Fed Distracts Attention From Turkish Election Risk as Lira Jumps

  • Turkish currency strengthens to highest since August
  • Latest polls show another hung parliament possible in November

Turkey’s lira surged to a two-month high as waning bets for an imminent Federal Reserve interest-rate increase reduced pressure on the currency before elections next month.

The lira climbed as much as 1.2 percent to 2.8783 per dollar, the strongest since Aug. 17 and one of the top five performers among developing-nation peers. The currency traded 0.9 percent higher at 5:54 p.m. in Istanbul. Yields on two-year government notes fell to a two-month low.

Odds that the Fed will increase borrowing costs by the end of this year fell to a record after a slew of disappointing economic data. Assets in Turkey, whose reliance on capital inflows leaves it exposed to higher U.S. rates, have been battered amid escalating security risks and a political deadlock that followed inconclusive parliamentary elections in June.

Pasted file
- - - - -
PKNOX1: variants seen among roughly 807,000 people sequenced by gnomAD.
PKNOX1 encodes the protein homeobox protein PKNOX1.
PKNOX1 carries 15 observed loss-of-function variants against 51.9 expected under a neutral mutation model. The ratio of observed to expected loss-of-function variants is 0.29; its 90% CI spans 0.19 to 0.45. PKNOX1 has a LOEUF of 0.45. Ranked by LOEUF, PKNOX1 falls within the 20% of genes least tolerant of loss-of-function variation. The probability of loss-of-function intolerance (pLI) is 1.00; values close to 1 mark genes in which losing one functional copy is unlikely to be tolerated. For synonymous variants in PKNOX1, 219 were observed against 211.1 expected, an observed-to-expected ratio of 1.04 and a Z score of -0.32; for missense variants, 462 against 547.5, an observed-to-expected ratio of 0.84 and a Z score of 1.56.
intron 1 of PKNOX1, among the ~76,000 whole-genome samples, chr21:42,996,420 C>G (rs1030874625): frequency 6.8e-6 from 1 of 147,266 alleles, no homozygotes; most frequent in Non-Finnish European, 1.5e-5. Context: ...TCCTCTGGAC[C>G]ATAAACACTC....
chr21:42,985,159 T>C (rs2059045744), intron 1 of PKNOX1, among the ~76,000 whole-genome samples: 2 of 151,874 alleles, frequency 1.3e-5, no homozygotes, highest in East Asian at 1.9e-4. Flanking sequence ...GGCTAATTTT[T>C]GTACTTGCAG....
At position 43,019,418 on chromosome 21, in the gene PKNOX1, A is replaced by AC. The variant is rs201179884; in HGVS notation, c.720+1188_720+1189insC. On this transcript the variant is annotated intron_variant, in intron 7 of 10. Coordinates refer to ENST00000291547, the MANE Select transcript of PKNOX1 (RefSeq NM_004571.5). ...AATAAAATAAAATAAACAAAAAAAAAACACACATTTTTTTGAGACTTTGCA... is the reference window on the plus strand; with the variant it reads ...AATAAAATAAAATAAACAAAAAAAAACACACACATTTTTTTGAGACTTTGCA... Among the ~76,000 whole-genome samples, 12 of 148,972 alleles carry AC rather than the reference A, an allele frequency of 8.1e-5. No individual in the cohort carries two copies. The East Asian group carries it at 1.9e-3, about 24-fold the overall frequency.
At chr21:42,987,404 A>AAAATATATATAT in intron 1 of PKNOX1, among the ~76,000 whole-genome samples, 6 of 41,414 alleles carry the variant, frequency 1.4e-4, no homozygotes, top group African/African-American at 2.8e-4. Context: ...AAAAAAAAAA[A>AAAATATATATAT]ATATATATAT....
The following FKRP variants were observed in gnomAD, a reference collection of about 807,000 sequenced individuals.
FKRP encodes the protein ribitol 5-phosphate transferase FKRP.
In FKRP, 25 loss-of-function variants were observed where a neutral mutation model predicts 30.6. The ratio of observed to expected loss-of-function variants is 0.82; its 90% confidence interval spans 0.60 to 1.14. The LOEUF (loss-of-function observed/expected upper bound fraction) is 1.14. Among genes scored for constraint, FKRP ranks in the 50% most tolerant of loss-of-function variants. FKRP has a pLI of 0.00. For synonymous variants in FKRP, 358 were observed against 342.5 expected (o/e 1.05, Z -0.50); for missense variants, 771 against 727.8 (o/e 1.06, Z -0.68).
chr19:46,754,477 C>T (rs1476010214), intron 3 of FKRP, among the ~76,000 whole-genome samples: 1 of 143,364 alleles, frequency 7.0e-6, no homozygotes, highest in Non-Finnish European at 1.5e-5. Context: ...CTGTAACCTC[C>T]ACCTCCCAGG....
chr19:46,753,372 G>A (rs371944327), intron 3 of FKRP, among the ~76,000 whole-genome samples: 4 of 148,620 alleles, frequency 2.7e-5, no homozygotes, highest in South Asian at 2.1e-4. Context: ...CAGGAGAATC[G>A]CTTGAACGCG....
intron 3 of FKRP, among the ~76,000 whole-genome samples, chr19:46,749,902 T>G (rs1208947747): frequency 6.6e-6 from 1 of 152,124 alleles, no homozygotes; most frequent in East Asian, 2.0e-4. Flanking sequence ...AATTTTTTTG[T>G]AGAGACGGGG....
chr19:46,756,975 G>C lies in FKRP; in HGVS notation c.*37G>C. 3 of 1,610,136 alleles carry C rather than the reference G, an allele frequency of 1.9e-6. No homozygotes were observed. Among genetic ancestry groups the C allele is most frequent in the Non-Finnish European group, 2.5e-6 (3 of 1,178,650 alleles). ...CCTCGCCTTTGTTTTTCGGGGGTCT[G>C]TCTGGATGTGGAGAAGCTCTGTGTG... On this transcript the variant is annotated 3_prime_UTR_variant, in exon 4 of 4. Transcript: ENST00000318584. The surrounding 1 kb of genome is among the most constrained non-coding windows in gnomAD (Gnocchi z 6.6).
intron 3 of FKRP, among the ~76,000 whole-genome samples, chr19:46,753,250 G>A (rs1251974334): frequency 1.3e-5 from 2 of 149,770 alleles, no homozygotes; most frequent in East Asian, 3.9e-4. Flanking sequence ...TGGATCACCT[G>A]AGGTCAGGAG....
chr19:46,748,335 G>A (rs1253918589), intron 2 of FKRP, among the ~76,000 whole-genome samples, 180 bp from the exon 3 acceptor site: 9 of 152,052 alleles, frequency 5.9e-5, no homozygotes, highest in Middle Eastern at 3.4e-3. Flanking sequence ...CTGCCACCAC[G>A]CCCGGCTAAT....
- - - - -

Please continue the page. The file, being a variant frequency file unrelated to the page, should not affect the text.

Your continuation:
The rally will go on “as long as data continues to support a delay in U.S. hike and further monetary stimulus from other central banks,” Erkin Isik, a strategist at Turk Ekonomi Bankasi AS in Istanbul, said by e-mail.

While it’s up almost 5 percent in October, the currency remains an underperformer among 24 developing-nation peers after sliding 19 percent in 2015, the most after Brazil’s real. To reverse that will require the country to form a coalition government following a Nov. 1 parliamentary vote, Isik said.

The ruling Justice and Development Party, or AK Party, lost its majority in June for the first time since 2002 and parties failed to find enough common ground to create a coalition. Polls show another hung parliament may follow next month’s ballot.

Yields on two-year government debt fell 21 basis points to 10.44 percent, the lowest since Aug. 17. The Borsa Istanbul 100 Index of fell 0.2 percent after jumping as much as 1.3 percent cross 80,000 for the first time since July.

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